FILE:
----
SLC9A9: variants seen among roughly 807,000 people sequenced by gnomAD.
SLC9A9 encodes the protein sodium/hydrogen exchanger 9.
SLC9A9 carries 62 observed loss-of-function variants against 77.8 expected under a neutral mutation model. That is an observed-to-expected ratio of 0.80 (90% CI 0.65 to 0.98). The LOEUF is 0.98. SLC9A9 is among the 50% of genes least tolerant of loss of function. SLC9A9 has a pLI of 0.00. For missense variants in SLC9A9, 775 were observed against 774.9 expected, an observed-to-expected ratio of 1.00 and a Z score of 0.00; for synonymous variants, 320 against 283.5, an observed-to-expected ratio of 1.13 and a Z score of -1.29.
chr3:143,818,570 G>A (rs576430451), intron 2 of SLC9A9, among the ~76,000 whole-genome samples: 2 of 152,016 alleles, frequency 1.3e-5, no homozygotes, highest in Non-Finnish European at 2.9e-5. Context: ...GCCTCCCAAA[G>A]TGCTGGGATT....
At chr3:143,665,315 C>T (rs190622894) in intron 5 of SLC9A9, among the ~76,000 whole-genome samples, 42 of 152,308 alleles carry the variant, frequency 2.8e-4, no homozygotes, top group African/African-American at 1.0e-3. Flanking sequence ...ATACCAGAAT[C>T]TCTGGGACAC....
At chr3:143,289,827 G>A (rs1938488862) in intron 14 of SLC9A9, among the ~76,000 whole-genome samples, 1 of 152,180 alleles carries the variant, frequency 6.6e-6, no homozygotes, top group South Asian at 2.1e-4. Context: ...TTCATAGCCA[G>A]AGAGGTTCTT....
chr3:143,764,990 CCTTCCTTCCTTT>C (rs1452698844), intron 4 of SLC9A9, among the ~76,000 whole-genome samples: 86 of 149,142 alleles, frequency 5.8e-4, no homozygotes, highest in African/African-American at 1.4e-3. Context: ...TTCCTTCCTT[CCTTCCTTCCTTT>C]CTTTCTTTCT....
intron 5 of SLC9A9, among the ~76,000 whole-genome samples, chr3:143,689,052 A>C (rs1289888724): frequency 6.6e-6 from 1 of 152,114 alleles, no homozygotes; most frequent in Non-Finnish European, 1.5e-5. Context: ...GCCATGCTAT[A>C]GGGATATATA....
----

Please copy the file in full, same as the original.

SLC9A9: variants seen among roughly 807,000 people sequenced by gnomAD.
SLC9A9 encodes the protein sodium/hydrogen exchanger 9.
SLC9A9 carries 62 observed loss-of-function variants against 77.8 expected under a neutral mutation model. That is an observed-to-expected ratio of 0.80 (90% CI 0.65 to 0.98). The LOEUF is 0.98. SLC9A9 is among the 50% of genes least tolerant of loss of function. SLC9A9 has a pLI of 0.00. For missense variants in SLC9A9, 775 were observed against 774.9 expected, an observed-to-expected ratio of 1.00 and a Z score of 0.00; for synonymous variants, 320 against 283.5, an observed-to-expected ratio of 1.13 and a Z score of -1.29.
chr3:143,818,570 G>A (rs576430451), intron 2 of SLC9A9, among the ~76,000 whole-genome samples: 2 of 152,016 alleles, frequency 1.3e-5, no homozygotes, highest in Non-Finnish European at 2.9e-5. Context: ...GCCTCCCAAA[G>A]TGCTGGGATT....
At chr3:143,665,315 C>T (rs190622894) in intron 5 of SLC9A9, among the ~76,000 whole-genome samples, 42 of 152,308 alleles carry the variant, frequency 2.8e-4, no homozygotes, top group African/African-American at 1.0e-3. Flanking sequence ...ATACCAGAAT[C>T]TCTGGGACAC....
At chr3:143,289,827 G>A (rs1938488862) in intron 14 of SLC9A9, among the ~76,000 whole-genome samples, 1 of 152,180 alleles carries the variant, frequency 6.6e-6, no homozygotes, top group South Asian at 2.1e-4. Context: ...TTCATAGCCA[G>A]AGAGGTTCTT....
chr3:143,764,990 CCTTCCTTCCTTT>C (rs1452698844), intron 4 of SLC9A9, among the ~76,000 whole-genome samples: 86 of 149,142 alleles, frequency 5.8e-4, no homozygotes, highest in African/African-American at 1.4e-3. Context: ...TTCCTTCCTT[CCTTCCTTCCTTT>C]CTTTCTTTCT....
intron 5 of SLC9A9, among the ~76,000 whole-genome samples, chr3:143,689,052 A>C (rs1289888724): frequency 6.6e-6 from 1 of 152,114 alleles, no homozygotes; most frequent in Non-Finnish European, 1.5e-5. Context: ...GCCATGCTAT[A>C]GGGATATATA....